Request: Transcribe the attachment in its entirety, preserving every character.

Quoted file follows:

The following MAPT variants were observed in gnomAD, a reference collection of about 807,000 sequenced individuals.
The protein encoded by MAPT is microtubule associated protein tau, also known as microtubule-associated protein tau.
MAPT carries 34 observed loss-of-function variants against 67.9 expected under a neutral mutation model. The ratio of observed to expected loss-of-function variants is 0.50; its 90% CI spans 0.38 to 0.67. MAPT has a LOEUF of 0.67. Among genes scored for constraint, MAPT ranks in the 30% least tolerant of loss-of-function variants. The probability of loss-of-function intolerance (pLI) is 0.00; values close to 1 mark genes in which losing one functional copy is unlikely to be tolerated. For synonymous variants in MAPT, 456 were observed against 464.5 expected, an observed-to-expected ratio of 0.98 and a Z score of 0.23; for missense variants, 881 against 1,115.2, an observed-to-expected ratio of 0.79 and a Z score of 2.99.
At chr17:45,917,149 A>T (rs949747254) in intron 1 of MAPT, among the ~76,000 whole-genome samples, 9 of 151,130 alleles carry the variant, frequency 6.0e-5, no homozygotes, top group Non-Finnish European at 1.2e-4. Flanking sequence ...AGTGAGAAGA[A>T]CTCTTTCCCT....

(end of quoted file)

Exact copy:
The following MAPT variants were observed in gnomAD, a reference collection of about 807,000 sequenced individuals.
The protein encoded by MAPT is microtubule associated protein tau, also known as microtubule-associated protein tau.
MAPT carries 34 observed loss-of-function variants against 67.9 expected under a neutral mutation model. The ratio of observed to expected loss-of-function variants is 0.50; its 90% CI spans 0.38 to 0.67. MAPT has a LOEUF of 0.67. Among genes scored for constraint, MAPT ranks in the 30% least tolerant of loss-of-function variants. The probability of loss-of-function intolerance (pLI) is 0.00; values close to 1 mark genes in which losing one functional copy is unlikely to be tolerated. For synonymous variants in MAPT, 456 were observed against 464.5 expected, an observed-to-expected ratio of 0.98 and a Z score of 0.23; for missense variants, 881 against 1,115.2, an observed-to-expected ratio of 0.79 and a Z score of 2.99.
At chr17:45,917,149 A>T (rs949747254) in intron 1 of MAPT, among the ~76,000 whole-genome samples, 9 of 151,130 alleles carry the variant, frequency 6.0e-5, no homozygotes, top group Non-Finnish European at 1.2e-4. Flanking sequence ...AGTGAGAAGA[A>T]CTCTTTCCCT....